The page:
The biomass of autotrophs or producers is at the maximum. The biomass of next trophic level, i.e. primary consumers is less than the producers. Similarly, the other consumers such as secondary and tertiary consumers are comparatively less than its lower level respectively. The top of the pyramid has very less amount of biomass.

Inverted Pyramid of Biomass

On the other hand, a reverse pyramidal structure is found in most aquatic ecosystems. Here, the pyramid of biomass may assume an inverted pattern. However, pyramid of numbers for aquatic ecosystem is upright.

In a water body, the producers are tiny phytoplankton that grow and reproduce rapidly. In this condition, the pyramid of biomass has a small base, with the producer biomass at the base providing support to consumer biomass of large weight. Hence, it assumes an inverted shape.

Inverted Pyramid

Pyramid of Numbers

It is the graphic representation of number of individuals per unit area of various trophic levels. Large number of producers tend to form the base whereas lower number of top predators or carnivores occupy the tip. The shape of the pyramid of numbers varies from ecosystem to ecosystem.

For example, in an aquatic ecosystem or grassland areas, autotrophs or producers are present in large number per unit area. The producers support a lesser number of herbivores, which in turn supports fewer carnivores.

Upright Pyramid of Numbers

In upright pyramid of numbers, the number of individuals decreases from the lower level to the higher level. This type of pyramid is usually found in the grassland ecosystem and the pond ecosystem. The grass in a grassland ecosystem occupies the lowest trophic level because of its abundance.

Upright Pyramid

Next comes the primary producers – the herbivores (for example – grasshopper). The number of grasshoppers is quite less than that of grass. Then, there are the primary carnivores, for example, the rat whose number is far less than the grasshoppers. The next trophic level is the secondary consumers such as the snakes who feed on the rats. Then, there are the top carnivores such as the hawks who eat snakes and whose number is less than the snakes.

The number of species decreases towards the higher levels in this pyramidal structure.

Inverted Pyramid of Numbers

Here, the number of individuals increase from the lower level to the higher trophic level. For example, the tree ecosystem.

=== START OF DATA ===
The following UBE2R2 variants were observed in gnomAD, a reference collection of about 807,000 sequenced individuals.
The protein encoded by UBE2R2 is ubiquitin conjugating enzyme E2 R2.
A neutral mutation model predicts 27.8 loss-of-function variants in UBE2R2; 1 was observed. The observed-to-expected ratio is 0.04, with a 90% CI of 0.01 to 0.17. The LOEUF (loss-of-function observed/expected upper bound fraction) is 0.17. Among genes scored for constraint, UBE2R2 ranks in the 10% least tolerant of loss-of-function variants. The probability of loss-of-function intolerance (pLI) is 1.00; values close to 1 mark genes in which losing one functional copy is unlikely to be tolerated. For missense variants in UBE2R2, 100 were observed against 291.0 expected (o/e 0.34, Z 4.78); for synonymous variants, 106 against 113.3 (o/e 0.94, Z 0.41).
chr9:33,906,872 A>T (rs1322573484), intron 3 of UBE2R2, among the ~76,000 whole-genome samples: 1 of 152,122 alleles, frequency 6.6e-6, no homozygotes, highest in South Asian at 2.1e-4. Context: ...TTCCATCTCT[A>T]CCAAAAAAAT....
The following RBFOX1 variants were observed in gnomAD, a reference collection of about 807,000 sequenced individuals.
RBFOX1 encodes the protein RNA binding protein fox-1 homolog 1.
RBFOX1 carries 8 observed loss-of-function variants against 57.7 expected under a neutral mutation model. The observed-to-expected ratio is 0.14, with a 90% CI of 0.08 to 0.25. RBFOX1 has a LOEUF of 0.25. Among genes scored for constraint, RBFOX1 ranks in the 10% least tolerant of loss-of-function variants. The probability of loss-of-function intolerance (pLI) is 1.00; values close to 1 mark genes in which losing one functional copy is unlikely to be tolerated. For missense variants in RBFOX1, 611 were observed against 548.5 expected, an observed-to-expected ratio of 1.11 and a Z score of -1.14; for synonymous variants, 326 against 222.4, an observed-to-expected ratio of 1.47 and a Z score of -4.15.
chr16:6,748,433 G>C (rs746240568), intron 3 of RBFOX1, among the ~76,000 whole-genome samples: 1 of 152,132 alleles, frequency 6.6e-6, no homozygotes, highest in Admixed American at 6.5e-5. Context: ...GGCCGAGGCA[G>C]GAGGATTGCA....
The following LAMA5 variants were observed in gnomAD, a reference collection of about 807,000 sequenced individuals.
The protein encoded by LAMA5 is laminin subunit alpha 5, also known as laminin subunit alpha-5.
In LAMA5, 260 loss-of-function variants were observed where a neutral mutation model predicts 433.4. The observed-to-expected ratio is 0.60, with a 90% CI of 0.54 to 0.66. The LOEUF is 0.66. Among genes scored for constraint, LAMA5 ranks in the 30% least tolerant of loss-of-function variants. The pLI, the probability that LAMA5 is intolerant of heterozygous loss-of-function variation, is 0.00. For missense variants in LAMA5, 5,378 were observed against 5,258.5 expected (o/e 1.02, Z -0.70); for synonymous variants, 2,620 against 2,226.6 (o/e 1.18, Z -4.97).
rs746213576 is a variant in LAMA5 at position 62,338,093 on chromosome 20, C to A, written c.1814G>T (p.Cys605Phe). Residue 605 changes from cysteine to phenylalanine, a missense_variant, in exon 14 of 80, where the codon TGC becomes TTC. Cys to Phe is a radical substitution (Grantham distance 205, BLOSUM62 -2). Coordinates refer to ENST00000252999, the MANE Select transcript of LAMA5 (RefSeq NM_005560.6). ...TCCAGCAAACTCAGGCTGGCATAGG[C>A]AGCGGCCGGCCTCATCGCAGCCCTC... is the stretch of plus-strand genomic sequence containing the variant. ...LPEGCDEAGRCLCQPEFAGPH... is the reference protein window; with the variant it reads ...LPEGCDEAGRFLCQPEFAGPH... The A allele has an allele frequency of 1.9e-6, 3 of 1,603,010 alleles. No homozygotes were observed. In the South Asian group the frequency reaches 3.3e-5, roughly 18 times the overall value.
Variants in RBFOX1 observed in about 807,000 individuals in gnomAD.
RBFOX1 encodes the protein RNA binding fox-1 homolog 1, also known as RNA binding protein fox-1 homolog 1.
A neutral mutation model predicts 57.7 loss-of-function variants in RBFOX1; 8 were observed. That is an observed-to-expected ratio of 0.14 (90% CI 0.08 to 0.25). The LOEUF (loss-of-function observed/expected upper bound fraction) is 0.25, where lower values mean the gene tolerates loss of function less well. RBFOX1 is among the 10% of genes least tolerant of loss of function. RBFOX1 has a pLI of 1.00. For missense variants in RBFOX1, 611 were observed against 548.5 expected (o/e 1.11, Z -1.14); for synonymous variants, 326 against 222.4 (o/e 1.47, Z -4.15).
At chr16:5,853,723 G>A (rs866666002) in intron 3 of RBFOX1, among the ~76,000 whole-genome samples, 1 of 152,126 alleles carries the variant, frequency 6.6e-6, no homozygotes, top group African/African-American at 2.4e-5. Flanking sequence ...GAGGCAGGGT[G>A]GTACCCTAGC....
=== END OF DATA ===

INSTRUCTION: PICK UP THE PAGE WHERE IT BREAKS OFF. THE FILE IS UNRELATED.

Pyramid of Energy

It is a graphical structure representing the flow of energy through each trophic level of a food chain over a fixed part of the natural environment. An energy pyramid represents the amount of energy at each trophic level and loss of energy at each is transferred to another trophic level.

Energy pyramid, sometimes called trophic pyramid or ecological pyramid, is useful in quantifying the energy transfer from one organism to another along the food chain.

Decreasing Energy Flow

Energy decreases as one moves through the trophic levels from the bottom to the top of the pyramid. Thus, the energy pyramid is always upward.

Energy Flow in Ecosystem

Energy moves life. The cycle of energy is based on the flow of energy through different trophic levels in an ecosystem. Our ecosystem is maintained by the cycling energy and nutrients obtained from different external sources. At the first trophic level, primary producers use solar energy to produce organic material through photosynthesis.

Energy Flow

The herbivores at the second trophic level, use the plants as food which gives them energy. A large part of this energy is used up for the metabolic functions of these animals such as breathing, digesting food, supporting growth of tissues, maintaining blood circulation and body temperature.

The carnivores at the next trophic level, feed on the herbivores and derive energy for their sustenance and growth. If large predators are present, they represent still higher trophic level and they feed on carnivores to get energy. Thus, the different plants and animal species are linked to one another through food chains.

Decomposers which include bacteria, fungi, molds, worms, and insects break down wastes and dead organisms, and return the nutrients to the soil, which is then taken up by the producers. Energy is not recycled during decomposition, but it is released.

Biogeochemical Cycles

All elements in the earth are recycled time and again. The major elements such as oxygen, carbon, nitrogen, phosphorous, and sulphur are essential ingredients that make up organisms.

Biogeochemical cycles refer to the flow of such chemical elements and compounds between organisms and the physical environment. Chemicals taken in by organisms are passed through the food chain and come back to the soil, air, and water through mechanisms such as respiration, excretion, and decomposition.

As an element moves through this cycle, it often forms compounds with other elements as a result of metabolic processes in living tissues and of natural reactions in the atmosphere, hydrosphere, or lithosphere.

Such cyclic exchange of material between the living organisms and their non-living environment is called Biogeochemical Cycle.

Following are some important biogeochemical cycles −

  • Carbon Cycle
  • Nitrogen Cycle
  • Water Cycle
  • Oxygen Cycle
  • Phosphorus Cycle
  • Sulphur Cycle

Carbon Cycle

Carbon enters into the living world in the form of carbon dioxide through the process of photosynthesis as carbohydrates. These organic compounds (food) are then passed from the producers to the consumers (herbivores & carnivores). This carbon is finally returned to the surrounding medium by the process of respiration or decomposition of plants and animals by the decomposers. Carbon is also recycled during the burning of fossil fuels.